Beans beans, good for the heart!

There are numerous varieties of beans from around the world they are very healthy to eat. First of all they are an excellent source of protein which is vital to repair and maintain the body. Proteins are made up of amino acids and there are 20 different types of amino acid and 9 of them are essential. When a food contains all 9 essential amino acids they are known as complete proteins and when they do not contain all 9 they are known as incomplete proteins, the other 11 amino acids are synthesised in the body. Animal proteins such as meat dairy and eggs are complete proteins but with all the hormone content and unknown genetically modified food introduced into their diets it is wise to follow a predominantly plant-based diet to maintain health whilst either battling or trying to stave off chronic disease which have associated links to diet. 

There are plant foods that are complete proteins such as quinoa, buckwheat, hempseed, algae and soy beans (which work in this recipe). Most beans have nearly all the essential amino acids so by adding certain foods such as nuts and grains you can create the full amount necessary. 

When substituting beans for animal fat proteins, it has been researched to have a decreased impact on cardiovascular illnesses and heart attacks as well as preventing a fatty liver, so the saying Beans beans, good for you heart is true. Beans also increase the amount of beneficial bacteria in the gut and improves the intestinal barrier function so the rest of the sentence is also true.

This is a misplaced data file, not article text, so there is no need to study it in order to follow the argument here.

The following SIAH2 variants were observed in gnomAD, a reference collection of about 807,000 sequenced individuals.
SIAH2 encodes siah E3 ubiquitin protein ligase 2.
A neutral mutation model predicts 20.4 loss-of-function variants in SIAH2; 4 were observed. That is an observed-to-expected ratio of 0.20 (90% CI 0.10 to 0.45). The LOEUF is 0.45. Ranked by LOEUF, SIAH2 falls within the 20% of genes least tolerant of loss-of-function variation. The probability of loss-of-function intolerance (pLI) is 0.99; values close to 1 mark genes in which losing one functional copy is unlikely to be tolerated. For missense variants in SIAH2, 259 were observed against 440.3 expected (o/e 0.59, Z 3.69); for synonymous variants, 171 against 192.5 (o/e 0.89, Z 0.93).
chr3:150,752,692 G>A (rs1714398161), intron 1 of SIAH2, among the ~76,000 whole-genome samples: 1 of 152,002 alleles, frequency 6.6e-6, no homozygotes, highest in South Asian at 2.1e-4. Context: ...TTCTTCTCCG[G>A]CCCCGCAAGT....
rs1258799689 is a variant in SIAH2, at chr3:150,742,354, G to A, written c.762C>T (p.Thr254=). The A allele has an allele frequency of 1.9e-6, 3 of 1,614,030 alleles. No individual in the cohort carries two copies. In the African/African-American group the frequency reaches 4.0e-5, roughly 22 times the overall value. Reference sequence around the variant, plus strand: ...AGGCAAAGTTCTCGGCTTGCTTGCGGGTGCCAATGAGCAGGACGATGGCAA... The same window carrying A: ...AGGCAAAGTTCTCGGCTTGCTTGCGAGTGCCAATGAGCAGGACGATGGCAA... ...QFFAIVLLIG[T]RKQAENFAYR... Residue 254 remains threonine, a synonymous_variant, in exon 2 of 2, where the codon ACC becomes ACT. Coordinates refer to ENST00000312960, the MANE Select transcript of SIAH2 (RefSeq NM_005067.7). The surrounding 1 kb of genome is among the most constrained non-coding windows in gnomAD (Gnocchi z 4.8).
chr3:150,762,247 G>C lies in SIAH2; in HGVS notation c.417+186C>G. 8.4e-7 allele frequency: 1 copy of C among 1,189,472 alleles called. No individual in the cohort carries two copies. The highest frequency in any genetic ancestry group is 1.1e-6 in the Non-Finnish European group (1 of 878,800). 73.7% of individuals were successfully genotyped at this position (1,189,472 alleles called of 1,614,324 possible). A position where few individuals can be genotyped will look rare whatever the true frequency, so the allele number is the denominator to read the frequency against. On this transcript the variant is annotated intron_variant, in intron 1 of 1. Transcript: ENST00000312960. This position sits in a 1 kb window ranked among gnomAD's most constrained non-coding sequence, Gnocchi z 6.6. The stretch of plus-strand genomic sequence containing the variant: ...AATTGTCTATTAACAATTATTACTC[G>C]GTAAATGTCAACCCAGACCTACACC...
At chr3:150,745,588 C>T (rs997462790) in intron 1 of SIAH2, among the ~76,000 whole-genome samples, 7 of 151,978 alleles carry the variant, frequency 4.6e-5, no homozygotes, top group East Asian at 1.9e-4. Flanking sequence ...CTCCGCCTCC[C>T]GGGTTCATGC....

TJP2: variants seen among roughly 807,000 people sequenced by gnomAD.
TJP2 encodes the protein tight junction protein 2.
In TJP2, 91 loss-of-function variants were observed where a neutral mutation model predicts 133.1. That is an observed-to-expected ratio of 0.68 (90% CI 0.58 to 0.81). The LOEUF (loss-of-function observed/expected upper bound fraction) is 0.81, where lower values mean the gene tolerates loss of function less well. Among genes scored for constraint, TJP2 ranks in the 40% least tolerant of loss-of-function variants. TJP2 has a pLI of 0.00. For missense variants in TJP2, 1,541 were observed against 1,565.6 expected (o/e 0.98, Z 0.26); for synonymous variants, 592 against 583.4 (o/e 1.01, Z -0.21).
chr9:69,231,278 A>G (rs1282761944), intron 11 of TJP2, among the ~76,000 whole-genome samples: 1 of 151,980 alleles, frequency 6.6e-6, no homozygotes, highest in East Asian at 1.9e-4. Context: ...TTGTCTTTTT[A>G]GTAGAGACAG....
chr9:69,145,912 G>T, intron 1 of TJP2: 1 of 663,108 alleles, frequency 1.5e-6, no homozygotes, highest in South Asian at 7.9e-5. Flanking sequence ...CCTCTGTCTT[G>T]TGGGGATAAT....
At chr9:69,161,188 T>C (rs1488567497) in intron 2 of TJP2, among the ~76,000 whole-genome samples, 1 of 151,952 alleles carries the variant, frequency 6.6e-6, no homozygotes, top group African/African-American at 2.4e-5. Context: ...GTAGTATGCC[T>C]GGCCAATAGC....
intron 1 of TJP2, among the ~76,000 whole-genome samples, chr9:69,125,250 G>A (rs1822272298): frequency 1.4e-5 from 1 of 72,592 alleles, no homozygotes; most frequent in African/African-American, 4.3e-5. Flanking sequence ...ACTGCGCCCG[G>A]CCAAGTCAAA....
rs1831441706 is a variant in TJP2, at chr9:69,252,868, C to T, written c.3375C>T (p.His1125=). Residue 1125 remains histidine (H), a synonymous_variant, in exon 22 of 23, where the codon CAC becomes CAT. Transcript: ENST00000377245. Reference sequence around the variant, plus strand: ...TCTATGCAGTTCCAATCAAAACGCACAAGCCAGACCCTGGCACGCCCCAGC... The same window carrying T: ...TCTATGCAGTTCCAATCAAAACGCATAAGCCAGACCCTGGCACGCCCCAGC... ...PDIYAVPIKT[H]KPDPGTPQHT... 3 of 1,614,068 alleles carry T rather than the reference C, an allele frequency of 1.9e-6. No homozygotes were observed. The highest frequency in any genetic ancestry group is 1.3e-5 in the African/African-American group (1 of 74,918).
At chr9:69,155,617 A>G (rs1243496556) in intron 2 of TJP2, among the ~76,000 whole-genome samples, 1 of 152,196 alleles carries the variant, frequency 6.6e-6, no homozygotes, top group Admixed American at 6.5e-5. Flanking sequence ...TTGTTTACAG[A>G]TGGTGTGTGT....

The addition of beans into your diet, not only as a substitution for animal protein but because they are genuinely a great tasty food, can also impact beneficially on preventing other chronic degenerative diseases such as cancer as they are full of antioxidants and anti-inflammatories. A high amount of antioxidant activity comes from the isoflavones in beans, these are plant hormones that attach to sugars to form glycosides and when broken down in the large intestine to release the active forms called genistein and daidzein. These act similarly to human hormones called oestradiol although much weaker, but they do have a normalising effect on oestrogen levels. That is they act both as an antagonist by blocking the receptors in the body from interacting with strong human oestrogens and as an agonist by stimulating receptors. The benefits of this have been seen to reduce breast cancer tumours, especially in Japan for example where the consumption of soybeans is much higher. Not only are the instances of breast cancer over half of the UK, the mortality rate from breast Cancer is also three times lower. 

Genistein has also been seen to reduce prostate cancer growth (in laboratories) by inducing apoptosis which is the programmed death of cells. Beans are certainly a healthy food.